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(1987) Interpreting Husserl, Dordrecht, Kluwer.

Personalities of a higher order

David Carr

pp. 267-279

When he reaches section 56 of the Fifth Cartesian Meditation, Husserl claims he has completed the clarification of the "first and lowest level' of intersubjectivity, or of what he calls the communalization of monads, and can now proceed to "higher levels' that, he says, present "relatively minor difficulties'.1 Discussing various forms of communahzation, Husserl mentions "the pre-eminent types that have the character of "personalities of a higher order''.2 In using this phrase, Husserl is in effect attributing personal characteristics to certain kinds of social groups as well as to individuals. He does not follow up here on the precise manner in which such attribution is justified, and although the expression "personalities of a higher order' makes its appearance in other works (e.g., The Crisis),3 they likewise lack any detailed justification of the use of such a phrase. We might thus suppose that Husserl is merely indulging in a façon de parler, buf if we consult the manuscripts on intersubjectivity, in particular those of volume 14 of Husserliana, dating from the 1920s,4 we find that Husserl takes this expression very seriously indeed.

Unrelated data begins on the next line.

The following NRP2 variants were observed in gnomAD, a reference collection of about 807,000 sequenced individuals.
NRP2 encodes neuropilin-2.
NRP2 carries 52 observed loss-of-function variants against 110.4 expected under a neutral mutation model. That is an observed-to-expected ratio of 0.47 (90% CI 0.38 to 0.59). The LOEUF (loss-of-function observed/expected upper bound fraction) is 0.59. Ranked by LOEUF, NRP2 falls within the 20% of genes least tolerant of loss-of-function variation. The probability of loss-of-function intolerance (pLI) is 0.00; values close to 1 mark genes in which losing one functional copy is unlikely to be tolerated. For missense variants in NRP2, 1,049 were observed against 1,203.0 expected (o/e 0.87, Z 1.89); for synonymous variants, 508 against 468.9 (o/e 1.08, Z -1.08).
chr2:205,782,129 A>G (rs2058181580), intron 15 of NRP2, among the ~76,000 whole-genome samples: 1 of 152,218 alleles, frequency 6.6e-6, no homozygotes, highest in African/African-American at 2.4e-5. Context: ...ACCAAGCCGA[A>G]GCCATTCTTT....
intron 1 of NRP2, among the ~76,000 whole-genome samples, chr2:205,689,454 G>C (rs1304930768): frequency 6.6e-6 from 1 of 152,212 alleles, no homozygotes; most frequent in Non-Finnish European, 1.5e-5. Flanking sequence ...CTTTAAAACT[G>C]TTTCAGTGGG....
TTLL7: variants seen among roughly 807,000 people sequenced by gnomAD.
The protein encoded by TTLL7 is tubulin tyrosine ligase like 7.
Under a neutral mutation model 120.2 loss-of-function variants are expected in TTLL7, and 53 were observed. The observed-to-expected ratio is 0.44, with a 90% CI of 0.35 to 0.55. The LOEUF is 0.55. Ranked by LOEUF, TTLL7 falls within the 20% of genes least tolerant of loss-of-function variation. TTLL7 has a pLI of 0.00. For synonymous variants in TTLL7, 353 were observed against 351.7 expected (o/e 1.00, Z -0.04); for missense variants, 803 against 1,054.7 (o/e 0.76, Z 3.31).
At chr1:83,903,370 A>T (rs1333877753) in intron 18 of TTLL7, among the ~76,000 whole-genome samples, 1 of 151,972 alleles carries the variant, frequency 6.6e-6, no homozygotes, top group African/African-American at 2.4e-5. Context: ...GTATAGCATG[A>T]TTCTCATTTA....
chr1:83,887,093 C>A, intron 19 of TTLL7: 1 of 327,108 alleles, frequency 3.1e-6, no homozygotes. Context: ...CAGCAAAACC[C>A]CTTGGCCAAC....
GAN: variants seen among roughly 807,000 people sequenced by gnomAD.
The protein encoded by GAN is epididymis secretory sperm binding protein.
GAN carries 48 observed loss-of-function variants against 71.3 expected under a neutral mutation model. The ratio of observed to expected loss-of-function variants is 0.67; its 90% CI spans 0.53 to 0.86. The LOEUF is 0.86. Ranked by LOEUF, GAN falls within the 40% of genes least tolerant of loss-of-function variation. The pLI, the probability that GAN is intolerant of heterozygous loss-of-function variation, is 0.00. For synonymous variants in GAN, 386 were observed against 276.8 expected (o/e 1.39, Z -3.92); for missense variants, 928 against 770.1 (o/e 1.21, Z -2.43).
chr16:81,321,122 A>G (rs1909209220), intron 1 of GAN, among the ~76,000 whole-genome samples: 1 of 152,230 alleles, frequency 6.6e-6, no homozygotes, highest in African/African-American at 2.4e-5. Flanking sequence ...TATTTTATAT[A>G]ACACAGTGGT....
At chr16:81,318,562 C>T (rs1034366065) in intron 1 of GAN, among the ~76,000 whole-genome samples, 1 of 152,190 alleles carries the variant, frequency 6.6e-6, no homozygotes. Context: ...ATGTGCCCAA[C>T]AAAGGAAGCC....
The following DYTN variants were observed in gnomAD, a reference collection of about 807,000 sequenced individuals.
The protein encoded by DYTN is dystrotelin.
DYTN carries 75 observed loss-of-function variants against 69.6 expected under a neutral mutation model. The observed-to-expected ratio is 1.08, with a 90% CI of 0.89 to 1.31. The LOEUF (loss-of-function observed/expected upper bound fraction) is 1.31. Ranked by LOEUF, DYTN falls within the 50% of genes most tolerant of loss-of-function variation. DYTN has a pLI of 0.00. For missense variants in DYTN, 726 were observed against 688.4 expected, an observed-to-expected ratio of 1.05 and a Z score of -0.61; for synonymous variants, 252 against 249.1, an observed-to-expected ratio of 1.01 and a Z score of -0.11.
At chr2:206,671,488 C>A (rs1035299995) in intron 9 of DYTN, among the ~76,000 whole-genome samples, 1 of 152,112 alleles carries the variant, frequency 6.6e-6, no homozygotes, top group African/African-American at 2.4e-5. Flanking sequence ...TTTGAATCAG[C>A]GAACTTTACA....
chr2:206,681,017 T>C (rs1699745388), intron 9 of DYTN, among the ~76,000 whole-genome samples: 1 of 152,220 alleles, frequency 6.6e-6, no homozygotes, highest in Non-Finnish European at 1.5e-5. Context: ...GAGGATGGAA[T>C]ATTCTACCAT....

Publication details

DOI: 10.1007/978-94-009-3595-2_14

Full citation:

Carr, D. (1987)., Personalities of a higher order, in D. Carr (ed.), Interpreting Husserl, Dordrecht, Kluwer, pp. 267-279.

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